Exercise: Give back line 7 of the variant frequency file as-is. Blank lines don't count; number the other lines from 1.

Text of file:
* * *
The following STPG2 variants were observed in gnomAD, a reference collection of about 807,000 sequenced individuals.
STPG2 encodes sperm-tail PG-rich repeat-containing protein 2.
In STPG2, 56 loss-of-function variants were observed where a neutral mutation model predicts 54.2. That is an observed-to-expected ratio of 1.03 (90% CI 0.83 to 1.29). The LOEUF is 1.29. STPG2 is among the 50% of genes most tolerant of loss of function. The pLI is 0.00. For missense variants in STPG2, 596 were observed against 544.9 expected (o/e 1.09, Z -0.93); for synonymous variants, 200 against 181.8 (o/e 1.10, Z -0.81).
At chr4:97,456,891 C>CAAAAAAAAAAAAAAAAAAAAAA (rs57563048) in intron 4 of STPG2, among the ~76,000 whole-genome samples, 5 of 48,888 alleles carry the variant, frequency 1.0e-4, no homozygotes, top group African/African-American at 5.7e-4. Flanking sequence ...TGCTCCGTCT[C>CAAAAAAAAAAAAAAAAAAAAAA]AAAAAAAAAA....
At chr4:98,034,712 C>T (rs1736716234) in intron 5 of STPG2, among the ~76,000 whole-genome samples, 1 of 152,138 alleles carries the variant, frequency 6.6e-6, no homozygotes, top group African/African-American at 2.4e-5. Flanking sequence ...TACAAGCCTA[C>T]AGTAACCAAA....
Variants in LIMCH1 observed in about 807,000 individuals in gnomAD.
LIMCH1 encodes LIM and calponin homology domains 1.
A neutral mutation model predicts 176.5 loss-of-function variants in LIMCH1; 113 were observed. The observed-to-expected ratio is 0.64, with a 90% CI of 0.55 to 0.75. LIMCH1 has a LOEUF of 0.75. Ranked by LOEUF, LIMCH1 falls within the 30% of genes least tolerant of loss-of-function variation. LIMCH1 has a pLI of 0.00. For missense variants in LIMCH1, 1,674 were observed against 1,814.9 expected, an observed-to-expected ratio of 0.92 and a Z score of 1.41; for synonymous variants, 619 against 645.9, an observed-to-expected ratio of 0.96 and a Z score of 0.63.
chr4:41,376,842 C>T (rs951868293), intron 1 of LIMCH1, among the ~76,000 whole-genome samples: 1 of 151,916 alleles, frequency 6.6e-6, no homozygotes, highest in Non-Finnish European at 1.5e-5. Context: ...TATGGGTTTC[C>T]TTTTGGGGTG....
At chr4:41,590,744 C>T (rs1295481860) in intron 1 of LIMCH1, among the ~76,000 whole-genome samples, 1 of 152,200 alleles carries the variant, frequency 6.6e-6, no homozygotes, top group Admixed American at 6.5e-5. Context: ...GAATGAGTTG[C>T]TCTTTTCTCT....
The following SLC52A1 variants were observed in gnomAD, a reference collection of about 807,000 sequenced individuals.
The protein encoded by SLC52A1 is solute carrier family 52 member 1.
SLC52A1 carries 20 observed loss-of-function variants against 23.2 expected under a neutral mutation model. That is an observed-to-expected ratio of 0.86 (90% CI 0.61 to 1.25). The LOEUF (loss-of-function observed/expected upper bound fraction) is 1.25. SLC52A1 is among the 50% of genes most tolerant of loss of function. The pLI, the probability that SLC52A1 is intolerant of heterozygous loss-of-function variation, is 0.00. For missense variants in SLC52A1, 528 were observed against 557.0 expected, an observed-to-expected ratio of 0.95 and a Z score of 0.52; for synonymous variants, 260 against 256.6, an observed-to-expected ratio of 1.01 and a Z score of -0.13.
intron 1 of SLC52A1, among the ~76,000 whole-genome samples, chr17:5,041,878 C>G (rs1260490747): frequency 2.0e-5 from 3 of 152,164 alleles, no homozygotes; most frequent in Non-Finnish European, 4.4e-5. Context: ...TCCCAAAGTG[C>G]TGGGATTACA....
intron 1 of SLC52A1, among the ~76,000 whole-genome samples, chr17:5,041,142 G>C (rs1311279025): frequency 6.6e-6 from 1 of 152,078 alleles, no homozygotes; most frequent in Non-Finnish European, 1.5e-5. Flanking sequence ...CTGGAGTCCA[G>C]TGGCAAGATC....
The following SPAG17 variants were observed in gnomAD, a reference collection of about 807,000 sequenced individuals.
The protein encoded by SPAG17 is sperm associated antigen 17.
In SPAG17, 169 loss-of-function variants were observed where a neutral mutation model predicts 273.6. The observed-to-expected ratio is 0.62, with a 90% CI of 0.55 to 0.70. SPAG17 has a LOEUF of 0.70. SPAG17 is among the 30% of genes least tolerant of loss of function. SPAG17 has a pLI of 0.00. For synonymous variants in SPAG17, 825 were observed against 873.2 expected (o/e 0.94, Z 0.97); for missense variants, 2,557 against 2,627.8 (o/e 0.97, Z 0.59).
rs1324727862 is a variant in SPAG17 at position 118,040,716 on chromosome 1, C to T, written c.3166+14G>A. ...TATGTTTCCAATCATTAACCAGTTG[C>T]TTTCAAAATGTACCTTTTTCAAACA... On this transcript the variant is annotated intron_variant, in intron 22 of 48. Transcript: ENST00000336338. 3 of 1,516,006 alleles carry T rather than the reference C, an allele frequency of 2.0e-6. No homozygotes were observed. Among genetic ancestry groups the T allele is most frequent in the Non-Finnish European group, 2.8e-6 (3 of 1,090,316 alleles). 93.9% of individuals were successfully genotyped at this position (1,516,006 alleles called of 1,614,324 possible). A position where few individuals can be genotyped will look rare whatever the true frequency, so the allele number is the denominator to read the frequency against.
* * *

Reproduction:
LIMCH1 encodes LIM and calponin homology domains 1.